Kerala tanker blast toll rises to 7, driver to be arrested


The death toll in the gas tanker blast at Chala here on Monday night rose to seven, with three more victims succumbing to their injuries on Thursday.

They were the husband and wife couple Abdul Rassack and Ramla, and Vazhayil Geetha, who underwent treatment at the Pariyaram medical college.

Two women — Rema, sister of Geetha, a native of Chala; and Nirmala, a native of Kadachira — who were shifted to Kozhi-kode medical college hospital from Pariyaram medical college under critical condition, had died of their injuries on Wednesday.

Two others — Sreelatha, wife of Kesavan, native of Chala, and Abdul Aziz — died on Tuesday. Omana, mother of Rema and Geetha, has been admitted to the MCH, Kozhikode, in a serious condition.

Meanwhile, the condition of nine victims undergoing treatment in Pariyaram medical college and three others admitted at the Kozhikode medical college, remained serious.

All of them suffered more than 80 per cent burns, say doctors.

The body of Abdul Aziz was buried on Wednesday. A terminally-ill patient, Abdul Aziz failed to escape to safety even after those around him fled, as he was bedridden.

The investigation team led by DySP P. Sukumaran said a team of officials led by the Edakkad circle inspector had left for Salem, Tamil Nadu, to arrest the driver of the vehicle who had fled the scene.

“The team already located the driver and we hope he would be taken into custody soon,” said Sukumaran.

“In the primary probe, it appeared that a leak from a valve of the tanker, after the accident, caused the blast,” he said.

It’s high time the state took measures to ensure the safety of the public by regulating the movement of hundreds of LPG tankers carrying highly inflammable substances, through busy roads and thickly populated areas.

Accidents involving LPG tankers were a regular affair in Vattappara curve near the varsity on NH-17 and at many curves in the bypass in Kozhikode and Kannur, experts said.

Vadakara Regional Trans-port Officer Rajeev Putha-lath told DC that it’s better to transport LPG and other inflammable substances by rail, as both sides of national highways are thickly populated.

“Dozens of LPG tan-kers camping on the outskirts of the cities should be given due attention. If thin-gs take a bad turn, the entire area would be wiped off.”

“Though we conduct ma-ny inquiries after such tra-gedies, we seldom implement the recommendations of inquiry commissions,” said C.E. Chakkunni, former president of Calicut Cham-ber of Commerce.

Hospitals ill-prepared to treat burns victims

Even as several persons battle burn injuries in hospitals in the aftermath of the Kannur tragedy, it has come to light that hospitals in the state are ill-prepared to deal with burns victims.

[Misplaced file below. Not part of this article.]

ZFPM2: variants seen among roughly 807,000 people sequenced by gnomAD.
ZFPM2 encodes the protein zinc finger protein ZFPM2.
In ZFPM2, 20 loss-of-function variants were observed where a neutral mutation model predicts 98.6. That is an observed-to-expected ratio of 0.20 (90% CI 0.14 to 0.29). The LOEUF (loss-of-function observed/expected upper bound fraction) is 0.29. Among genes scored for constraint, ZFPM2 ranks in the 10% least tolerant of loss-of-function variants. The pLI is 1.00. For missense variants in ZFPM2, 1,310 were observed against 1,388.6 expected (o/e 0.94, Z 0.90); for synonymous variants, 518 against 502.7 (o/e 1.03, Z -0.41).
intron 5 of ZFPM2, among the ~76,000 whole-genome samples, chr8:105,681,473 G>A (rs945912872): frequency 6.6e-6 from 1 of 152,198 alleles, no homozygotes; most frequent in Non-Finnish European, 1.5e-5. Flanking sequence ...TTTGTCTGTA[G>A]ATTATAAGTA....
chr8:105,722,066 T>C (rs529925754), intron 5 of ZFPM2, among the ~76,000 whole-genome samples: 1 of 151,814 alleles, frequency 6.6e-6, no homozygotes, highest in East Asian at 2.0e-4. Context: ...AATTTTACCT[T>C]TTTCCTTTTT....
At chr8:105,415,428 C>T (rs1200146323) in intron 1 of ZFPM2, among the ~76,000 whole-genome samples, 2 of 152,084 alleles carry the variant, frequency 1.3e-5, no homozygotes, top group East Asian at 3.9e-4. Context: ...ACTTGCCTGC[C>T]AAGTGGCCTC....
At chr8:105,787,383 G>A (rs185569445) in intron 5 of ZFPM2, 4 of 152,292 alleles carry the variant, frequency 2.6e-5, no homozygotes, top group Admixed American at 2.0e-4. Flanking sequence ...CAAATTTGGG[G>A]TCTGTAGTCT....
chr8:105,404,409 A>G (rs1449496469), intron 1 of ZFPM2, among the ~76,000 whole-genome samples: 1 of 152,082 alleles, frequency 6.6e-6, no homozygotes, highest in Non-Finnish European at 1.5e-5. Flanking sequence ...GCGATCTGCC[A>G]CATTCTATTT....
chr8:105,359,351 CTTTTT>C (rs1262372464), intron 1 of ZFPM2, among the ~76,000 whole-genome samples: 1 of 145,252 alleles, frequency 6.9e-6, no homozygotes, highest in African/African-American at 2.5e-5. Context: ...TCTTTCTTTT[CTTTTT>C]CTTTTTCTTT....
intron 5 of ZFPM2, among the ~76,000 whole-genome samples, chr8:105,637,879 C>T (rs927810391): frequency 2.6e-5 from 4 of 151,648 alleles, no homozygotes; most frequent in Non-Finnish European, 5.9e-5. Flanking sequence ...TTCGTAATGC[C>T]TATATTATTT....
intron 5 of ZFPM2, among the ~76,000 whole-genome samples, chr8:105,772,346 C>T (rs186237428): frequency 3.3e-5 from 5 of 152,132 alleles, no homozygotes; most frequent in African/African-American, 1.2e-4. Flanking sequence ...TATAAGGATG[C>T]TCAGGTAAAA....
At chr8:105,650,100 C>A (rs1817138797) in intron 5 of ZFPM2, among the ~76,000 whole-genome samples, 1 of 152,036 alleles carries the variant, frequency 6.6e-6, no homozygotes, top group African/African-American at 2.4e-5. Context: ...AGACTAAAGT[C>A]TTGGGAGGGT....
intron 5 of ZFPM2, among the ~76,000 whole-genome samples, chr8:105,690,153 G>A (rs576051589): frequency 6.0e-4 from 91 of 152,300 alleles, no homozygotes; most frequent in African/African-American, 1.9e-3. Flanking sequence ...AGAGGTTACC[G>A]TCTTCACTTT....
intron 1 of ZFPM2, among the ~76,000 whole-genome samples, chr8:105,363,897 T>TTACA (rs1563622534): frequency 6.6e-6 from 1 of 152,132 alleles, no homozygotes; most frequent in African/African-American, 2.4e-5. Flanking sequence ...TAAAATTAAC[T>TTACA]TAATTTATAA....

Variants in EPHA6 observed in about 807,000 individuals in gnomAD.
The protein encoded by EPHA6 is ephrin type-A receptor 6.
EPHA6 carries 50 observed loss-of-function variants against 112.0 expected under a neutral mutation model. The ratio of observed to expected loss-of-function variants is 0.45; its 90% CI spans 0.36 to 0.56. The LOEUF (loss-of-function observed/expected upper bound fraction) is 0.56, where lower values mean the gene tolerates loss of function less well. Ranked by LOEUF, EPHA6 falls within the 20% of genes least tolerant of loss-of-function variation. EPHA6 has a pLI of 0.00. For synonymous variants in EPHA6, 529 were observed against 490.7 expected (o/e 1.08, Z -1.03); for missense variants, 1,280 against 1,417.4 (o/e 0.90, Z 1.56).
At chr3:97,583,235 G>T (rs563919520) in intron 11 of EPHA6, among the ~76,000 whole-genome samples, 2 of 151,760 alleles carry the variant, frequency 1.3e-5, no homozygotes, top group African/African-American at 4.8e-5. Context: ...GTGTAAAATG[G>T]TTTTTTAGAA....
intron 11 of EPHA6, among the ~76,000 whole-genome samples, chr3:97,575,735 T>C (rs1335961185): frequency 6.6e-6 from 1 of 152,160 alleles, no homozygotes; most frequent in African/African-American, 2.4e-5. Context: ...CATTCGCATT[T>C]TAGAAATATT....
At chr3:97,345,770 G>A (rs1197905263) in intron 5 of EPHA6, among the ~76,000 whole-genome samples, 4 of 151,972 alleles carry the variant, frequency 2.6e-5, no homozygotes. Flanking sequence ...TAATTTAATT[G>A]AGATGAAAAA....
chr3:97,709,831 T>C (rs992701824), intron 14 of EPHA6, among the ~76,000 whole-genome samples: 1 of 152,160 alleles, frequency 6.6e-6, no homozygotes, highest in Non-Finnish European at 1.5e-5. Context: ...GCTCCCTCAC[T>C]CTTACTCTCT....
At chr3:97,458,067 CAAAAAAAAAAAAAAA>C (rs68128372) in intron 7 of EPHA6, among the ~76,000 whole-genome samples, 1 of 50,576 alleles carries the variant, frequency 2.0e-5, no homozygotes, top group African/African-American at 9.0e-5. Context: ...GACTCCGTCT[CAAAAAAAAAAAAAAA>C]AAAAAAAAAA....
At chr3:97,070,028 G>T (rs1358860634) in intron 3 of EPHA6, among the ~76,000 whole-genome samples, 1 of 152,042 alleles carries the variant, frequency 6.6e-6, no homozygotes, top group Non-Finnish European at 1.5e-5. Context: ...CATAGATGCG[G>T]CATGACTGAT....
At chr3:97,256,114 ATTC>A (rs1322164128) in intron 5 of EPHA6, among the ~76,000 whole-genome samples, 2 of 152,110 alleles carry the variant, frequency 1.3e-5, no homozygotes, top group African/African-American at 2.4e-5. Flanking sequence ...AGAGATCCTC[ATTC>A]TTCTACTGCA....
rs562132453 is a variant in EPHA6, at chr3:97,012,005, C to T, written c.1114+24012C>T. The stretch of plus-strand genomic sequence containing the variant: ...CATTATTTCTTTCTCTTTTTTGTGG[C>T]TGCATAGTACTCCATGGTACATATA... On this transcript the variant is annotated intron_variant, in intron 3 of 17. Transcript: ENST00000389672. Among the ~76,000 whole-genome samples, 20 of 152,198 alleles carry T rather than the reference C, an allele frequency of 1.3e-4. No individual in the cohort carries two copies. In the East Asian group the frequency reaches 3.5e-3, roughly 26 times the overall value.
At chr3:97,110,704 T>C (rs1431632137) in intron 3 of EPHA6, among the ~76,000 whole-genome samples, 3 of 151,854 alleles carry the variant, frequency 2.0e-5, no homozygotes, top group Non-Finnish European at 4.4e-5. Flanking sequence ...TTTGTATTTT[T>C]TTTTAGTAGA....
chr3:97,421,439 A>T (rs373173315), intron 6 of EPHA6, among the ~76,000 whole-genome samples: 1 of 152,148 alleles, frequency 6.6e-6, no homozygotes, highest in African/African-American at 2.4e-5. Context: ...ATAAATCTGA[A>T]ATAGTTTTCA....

There are no burns units in district hospitals and most government medical colleges have only a plastic surgery department.

The Alappuzha Medical College doesn’t even have a plastic surgery department.

The director of Health Services has admitted that there is an acute shortage of surgeons in government hospitals.

“There is a shortage of 50 per cent surgeons. Burn care includes skin grafting, dealing with contracture and needs long-term care and isolation. It needs multi-specialty co-ordination also.

There was a suggestion during the tenure of the last government to set up a district-level burns care unit, but it did not take off,” said Dr Kumary G. Prema, the DHS.

She said that the taluk hospitals are equipped to handle burn injury cases. Among medical colleges, only Trivandrum and Kottayam medical colleges are equipped to handle burns cases, while Ernaku-lam General Hospital has an air-conditioned facility that can handle 12 patients at a time. In private sector, MIMS, Kozhikode and Ernakulam Medical Centre have separate burns care units.

Private hospitals are not keen on setting up a separate burns unit because they claim there are very few cases.

“All private hospitals with tertiary care facilities are in a position to handle burns cases and they can convert existing emergency care facility for burns victims if required,” said Dr J. Rajagopalan Nair, Indian Medical Association state secretary.

However, Dr Saji Mathew, a surgeon at the GH burns care unit, said that this ‘conversion’ is not feasible since burns units must have special facilities and trained staff.

Stricter NOC norms for new buildings

In the wake of the recent fire accidents in the state, the government has decided to introduce stricter norms for allotting NOCs to new buildings.

As per the revised norms, a committee with an assistant divisional officer will provide NOCs to single-storey buildings that are 10 metres high.

The members will include a station officer in charge of the local fire station, assistant station officer and a fireman.

The committee will have to provide NOC for the building within two days of inspecting it. If any discrepancy is noticed, the report should be forwarded to the headquarters of the Fire and Rescue Service.

For buildings up to 24 metres in height, a committee with a divisional officer will provide the NOCs. The members will include an assistant divisional officer and station officer.

The committee will have to provide NOC for the building within seven days after site inspection.

The final approval is to be given by the committee headed by a technical director of the Fire and Rescue Service within 10 days of the site inspection.

Other members include divisional officer of Fire and Rescue Station in Thi-ruvananthapuram and station officer at the headquarters.

The committee will inspect the site, building and equipment. It’ll take a decision within 15 days on applications found to have defects by other committees.

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